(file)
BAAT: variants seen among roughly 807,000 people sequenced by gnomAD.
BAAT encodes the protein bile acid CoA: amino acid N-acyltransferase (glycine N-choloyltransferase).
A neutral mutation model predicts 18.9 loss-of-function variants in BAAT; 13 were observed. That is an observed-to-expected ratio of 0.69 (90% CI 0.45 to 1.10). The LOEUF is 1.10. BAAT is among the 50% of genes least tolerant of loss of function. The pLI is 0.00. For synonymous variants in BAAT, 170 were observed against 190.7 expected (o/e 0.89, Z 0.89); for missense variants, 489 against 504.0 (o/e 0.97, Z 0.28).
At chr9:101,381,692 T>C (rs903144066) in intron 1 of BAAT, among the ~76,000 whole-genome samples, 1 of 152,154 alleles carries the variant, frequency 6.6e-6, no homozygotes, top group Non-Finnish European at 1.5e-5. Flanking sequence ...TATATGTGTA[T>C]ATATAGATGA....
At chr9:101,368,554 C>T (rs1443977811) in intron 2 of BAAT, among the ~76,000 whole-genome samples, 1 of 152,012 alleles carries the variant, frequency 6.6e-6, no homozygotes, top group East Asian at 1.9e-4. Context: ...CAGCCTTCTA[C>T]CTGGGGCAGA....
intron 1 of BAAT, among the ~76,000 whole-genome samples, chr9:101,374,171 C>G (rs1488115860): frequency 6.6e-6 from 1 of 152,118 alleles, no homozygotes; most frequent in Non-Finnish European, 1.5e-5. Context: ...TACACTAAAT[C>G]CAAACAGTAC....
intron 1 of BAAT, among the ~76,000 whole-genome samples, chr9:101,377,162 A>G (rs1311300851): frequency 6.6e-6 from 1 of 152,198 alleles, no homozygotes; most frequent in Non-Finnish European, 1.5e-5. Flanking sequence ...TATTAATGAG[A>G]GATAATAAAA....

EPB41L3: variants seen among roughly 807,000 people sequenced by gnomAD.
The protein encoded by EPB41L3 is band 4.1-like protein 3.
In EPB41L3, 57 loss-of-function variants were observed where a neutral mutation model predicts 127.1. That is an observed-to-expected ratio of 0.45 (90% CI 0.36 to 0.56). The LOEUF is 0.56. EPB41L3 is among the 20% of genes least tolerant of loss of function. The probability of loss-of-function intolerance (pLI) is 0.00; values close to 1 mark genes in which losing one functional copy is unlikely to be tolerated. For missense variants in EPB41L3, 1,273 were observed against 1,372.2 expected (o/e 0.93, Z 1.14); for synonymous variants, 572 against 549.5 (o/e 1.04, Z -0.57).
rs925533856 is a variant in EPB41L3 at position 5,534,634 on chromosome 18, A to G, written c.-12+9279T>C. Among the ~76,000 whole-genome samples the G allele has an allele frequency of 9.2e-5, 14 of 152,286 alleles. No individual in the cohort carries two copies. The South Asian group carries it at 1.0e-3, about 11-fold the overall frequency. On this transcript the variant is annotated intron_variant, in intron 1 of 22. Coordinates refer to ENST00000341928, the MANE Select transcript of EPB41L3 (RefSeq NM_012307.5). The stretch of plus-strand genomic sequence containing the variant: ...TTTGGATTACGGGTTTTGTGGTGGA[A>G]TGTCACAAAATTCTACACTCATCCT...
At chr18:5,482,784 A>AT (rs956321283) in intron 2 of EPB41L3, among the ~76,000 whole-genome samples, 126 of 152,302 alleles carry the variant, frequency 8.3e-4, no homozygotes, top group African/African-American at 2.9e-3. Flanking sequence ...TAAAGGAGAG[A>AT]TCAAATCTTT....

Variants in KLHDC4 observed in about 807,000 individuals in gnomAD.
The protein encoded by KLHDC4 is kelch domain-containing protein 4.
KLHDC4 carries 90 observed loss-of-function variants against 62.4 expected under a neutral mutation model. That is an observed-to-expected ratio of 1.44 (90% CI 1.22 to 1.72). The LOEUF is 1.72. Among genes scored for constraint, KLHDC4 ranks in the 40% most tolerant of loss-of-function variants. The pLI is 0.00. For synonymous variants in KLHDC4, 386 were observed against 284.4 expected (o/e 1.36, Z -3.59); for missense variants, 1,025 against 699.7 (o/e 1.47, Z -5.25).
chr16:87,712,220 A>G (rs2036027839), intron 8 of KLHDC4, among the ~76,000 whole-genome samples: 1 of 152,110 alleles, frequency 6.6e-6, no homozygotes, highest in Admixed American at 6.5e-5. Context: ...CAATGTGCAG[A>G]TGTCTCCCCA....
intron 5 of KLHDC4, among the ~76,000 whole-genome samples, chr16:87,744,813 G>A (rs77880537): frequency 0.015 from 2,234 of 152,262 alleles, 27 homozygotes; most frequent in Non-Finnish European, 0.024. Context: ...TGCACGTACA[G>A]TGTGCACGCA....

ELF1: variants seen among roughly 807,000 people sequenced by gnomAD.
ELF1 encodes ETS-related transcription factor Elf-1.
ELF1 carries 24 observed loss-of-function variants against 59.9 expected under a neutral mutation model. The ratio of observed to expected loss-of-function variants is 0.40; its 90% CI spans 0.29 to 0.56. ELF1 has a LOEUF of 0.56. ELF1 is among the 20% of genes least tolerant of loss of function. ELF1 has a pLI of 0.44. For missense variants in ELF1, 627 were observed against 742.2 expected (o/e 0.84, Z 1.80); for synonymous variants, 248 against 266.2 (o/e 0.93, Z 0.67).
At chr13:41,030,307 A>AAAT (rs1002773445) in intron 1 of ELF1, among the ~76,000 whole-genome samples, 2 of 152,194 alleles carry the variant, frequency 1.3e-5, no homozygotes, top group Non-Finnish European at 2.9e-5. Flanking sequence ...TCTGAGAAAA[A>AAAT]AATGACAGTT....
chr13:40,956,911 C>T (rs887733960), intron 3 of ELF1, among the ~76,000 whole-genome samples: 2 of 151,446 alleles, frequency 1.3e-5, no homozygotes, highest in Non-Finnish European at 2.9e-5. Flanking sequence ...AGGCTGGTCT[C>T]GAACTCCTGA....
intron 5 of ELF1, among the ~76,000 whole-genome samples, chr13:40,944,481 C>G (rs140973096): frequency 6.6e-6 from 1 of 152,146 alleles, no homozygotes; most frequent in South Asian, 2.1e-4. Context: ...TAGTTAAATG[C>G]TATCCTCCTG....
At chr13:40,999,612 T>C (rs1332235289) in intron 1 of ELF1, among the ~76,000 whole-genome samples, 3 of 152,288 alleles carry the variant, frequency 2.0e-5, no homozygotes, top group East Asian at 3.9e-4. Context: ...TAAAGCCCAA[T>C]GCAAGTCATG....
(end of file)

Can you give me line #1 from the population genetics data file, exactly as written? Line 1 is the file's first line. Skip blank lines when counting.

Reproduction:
BAAT: variants seen among roughly 807,000 people sequenced by gnomAD.